Indoor cycling is so much fun and is such great exercise, but you have to get the bike properly set up otherwise you
will be uncomfortable and SORE! Proper bike set up encompasses 3 things: the seat height, the handle bar height and the distance between seat and handle bars.
If you are at the gym and see somebody else around your height get off a stationary bike, you might well think you can jump on and it will be already properly adjusted. Unfortunately, it’s not that easy. Somebody may be the same height & build but having different proportions in the legs, torso, and upper body means the bike needs to adjusted differently. The seat height is important because you want to make sure that your leg is able to extend all the way down to the pedal. A quick and easy way to start figuring out the correct seat height is to stand next to the bike and set the seat just below your hip bones. Usually the bike has a knob that you turn and pull out, then adjust the seat up or down. When you get it set right below your hip bone, make sure to tighten again.
Then hop on the bike and see what it looks like when you pedal. At the very bottom of the pedal stroke, you want the bottom of your foot parallel to the ground while having a slight bend in your knee. A little bend in the knee reduces the stress on the joint as compared to having the leg fully extended with the knee locked out. But be wary of setting the seat too low as well, which will cause the knees to go in or out as you pedal, which also is not good on the knees. As you are fitting the bike, make sure you are wearing the footwear you would normally wear in class. Believe it or not, the thickness of the sole could have an impact.
While we are talking about footwear, I want to mention cycle shoes which could be a good investment if you find yourself cycling frequently. Cycle shoes are non-pliable meaning they won’t bend - they have a solid bottom surface that clips into the pedals. This is advantageous because you’re able to push evenly through your foot and get a stronger pedal stroke. Not only can you push down but you can also pull up thereby getting more power along the way. There are two clip systems – Look Delta and SPD, so before you buy you need to understand what type of pedals are on the bike you will use. Some gyms are outfitting their bikes with Triple Link pedals, which can be used with Look Delta and SPD cycle shoes as well as street shoes (hence triple in the name). Many users find Look Delta easier to clip in and clip out, but SPD is a tighter connection.
The handle bar height is the second major factor in bike fit. You always want the handlebars to be at least equal to or higher than the seat. Beyond that it doesn’t make too much of a difference. Some riders like them high so they don’t have to lean as far forward. You’ll see some numbers on the side of the handlebars - note that usually they will indicate the highest level. Of course it’s not safe to go beyond that level.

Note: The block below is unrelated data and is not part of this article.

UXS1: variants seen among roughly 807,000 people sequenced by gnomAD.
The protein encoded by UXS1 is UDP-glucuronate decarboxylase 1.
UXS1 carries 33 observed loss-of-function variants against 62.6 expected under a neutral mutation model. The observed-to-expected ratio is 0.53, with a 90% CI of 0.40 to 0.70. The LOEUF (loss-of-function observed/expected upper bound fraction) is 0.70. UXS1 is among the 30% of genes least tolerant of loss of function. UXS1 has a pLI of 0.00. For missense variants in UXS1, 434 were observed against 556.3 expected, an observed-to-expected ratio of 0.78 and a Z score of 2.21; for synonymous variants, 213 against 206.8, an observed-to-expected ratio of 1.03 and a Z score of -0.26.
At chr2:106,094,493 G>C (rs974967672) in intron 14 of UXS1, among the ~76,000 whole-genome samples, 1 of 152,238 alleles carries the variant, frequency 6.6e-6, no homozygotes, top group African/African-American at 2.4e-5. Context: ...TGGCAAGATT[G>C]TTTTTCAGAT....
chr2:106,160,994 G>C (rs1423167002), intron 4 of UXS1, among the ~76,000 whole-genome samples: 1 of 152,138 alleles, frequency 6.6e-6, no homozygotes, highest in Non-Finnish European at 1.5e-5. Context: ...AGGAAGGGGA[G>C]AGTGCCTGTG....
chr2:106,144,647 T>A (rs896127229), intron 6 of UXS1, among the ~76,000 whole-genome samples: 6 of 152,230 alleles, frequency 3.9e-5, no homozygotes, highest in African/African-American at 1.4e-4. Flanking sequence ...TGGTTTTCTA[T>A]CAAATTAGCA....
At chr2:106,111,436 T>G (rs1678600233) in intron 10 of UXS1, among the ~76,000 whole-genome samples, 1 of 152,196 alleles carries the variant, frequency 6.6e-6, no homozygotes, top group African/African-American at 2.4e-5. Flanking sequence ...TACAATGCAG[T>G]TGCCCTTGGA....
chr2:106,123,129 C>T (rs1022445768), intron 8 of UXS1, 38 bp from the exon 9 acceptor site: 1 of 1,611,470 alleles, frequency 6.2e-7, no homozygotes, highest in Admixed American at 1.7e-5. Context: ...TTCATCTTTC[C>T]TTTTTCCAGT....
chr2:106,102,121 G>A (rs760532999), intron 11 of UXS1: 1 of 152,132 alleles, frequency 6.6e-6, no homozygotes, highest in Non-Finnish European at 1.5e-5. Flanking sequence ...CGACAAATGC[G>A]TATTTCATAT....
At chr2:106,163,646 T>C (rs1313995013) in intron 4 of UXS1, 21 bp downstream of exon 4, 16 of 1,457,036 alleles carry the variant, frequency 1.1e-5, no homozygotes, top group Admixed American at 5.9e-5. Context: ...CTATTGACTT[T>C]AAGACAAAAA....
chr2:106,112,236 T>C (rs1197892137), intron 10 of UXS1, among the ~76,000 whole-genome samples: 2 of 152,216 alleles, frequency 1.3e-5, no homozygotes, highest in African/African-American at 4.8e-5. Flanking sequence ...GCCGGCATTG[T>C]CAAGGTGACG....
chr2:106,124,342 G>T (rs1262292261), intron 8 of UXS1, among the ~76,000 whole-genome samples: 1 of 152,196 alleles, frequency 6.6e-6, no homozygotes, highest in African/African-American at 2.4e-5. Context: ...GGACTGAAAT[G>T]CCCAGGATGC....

Fore and Aft
Two other adjustments on a bike are called “fore” and “aft”. This refers to how much forward and back the handlebars are relative to the front wheel fork and similarly the seat position relative to the seat post. So in other words the distance between the handle bars and the seat. A good rule of thumb is that it really depends on the length of your torso. I recommend starting at usually the zero position on the handlebars meaning the handlebars are pulled all the way back (towards the seat). Then try sitting on the seat. If you have to reach for the handlebars and your shoulders come up that means you’re a little too far, so bring the seat closer to the handle bars. However, when you pedal you do not want your knees to come close to hitting the handlebars. If your knees are close to the handlebars when pedaling that is an indication to move the handlebars forward (away from the seat). If you know you have a shorter torso bring both seat and handlebars a little bit closer together. Taller folks typically have longer torsos and will want to move the seat and handlebars farther apart.
In my classes you will hear me call out various hand positions, usually “2” or “3”. There are actually three common hand positions that we typically use in Fitscope classes. “1st” position is in the center of the handlebars with your hands together. “2nd” position is out on the side of the handlebars in the bottom corners. Those are the two that are typically used when you are seated or “in the saddle.” I prefer 2nd position when in the saddle just because you can breathe a little deeper through your lungs – so you can inhale and there’s no restrictions from your arms pulling your shoulders inward as occurs in 1st position.
When you’re out of the saddle, there are a couple of options as well. “3rd” position is outside but at the top of the handlebars. In 3rd position you are only very lightly touching the handle bars with your fingers. You are not leaning on the handlebars for support. You send your hips back and low and are holding your balance through your hips, not leaning on the handlebars. A common mistake that I see is people leaning forward and putting a lot of weight in their upper body and therefore end up leaning on the handlebars and not getting much power. If you put all your weight in your hips and glutes, light grip at 3rd, you will be able to handle a lot more resistance and build a lot more strength.
There is a 4th position, but it is used far less frequently. On some bikes there is a round bar at the top center of the handlebars, so directly opposite position 1. I don’t typically use it in my classes and it’s not a common thing to have on bikes these days.
I hope this was helpful and please check out my classes on the Fitscope app.
If you have any comments or questions, let me know on Instagram. I can be reached @davidpfit